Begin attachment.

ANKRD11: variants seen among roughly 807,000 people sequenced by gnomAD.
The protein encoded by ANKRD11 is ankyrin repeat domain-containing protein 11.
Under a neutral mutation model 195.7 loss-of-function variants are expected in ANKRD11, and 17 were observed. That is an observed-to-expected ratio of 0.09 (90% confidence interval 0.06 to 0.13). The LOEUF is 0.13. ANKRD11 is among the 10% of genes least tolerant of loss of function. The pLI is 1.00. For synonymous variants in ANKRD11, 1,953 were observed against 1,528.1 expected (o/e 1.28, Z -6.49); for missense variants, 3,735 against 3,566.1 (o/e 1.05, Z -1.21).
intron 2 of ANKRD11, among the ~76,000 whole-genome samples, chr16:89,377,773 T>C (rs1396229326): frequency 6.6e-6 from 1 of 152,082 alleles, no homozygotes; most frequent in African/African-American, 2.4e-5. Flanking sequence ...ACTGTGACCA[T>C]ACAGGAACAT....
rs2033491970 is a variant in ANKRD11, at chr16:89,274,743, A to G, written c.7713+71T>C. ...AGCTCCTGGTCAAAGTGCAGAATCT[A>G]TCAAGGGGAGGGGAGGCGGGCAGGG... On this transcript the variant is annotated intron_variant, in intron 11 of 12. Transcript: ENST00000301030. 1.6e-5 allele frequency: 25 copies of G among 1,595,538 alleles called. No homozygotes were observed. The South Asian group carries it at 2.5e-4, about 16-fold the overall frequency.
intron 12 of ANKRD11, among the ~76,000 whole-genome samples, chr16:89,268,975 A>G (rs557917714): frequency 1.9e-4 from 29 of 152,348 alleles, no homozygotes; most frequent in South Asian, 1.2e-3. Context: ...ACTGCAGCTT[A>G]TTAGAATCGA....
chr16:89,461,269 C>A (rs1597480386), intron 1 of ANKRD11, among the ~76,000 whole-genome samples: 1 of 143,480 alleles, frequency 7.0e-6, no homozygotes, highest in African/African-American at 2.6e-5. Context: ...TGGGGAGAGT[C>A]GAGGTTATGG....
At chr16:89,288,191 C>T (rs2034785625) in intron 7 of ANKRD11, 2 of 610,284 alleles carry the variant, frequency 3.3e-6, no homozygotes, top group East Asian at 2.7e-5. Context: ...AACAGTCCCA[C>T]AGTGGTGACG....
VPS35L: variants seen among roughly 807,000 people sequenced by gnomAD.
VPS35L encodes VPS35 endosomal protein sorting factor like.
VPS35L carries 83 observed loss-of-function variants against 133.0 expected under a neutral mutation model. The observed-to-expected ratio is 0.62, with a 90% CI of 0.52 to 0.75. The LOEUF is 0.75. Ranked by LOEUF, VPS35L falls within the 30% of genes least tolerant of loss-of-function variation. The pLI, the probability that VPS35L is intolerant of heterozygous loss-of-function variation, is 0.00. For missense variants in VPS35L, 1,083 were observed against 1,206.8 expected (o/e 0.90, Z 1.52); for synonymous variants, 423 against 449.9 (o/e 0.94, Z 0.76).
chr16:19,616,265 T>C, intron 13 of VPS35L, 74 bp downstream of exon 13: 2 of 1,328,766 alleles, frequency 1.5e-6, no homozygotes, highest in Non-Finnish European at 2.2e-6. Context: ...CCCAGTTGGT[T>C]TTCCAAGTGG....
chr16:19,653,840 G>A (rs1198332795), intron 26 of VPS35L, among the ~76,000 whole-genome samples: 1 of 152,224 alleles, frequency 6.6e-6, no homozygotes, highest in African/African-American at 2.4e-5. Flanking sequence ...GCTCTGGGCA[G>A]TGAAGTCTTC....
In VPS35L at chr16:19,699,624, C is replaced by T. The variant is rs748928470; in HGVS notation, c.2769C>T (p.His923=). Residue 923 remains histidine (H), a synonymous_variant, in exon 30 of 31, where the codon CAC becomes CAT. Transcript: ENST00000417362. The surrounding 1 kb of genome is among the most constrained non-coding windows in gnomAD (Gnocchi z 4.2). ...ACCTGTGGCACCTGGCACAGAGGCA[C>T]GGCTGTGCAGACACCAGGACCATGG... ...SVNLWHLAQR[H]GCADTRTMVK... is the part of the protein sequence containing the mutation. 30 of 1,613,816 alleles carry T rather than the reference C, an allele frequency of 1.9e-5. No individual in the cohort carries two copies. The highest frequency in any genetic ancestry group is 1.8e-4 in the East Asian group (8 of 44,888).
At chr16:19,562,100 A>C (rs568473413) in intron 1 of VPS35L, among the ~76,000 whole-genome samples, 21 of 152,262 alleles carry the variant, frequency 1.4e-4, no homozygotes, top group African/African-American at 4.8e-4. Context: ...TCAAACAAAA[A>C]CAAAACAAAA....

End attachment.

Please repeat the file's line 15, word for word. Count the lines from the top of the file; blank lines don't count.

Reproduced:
At chr16:19,562,100 A>C (rs568473413) in intron 1 of VPS35L, among the ~76,000 whole-genome samples, 21 of 152,262 alleles carry the variant, frequency 1.4e-4, no homozygotes, top group African/African-American at 4.8e-4. Context: ...TCAAACAAAA[A>C]CAAAACAAAA....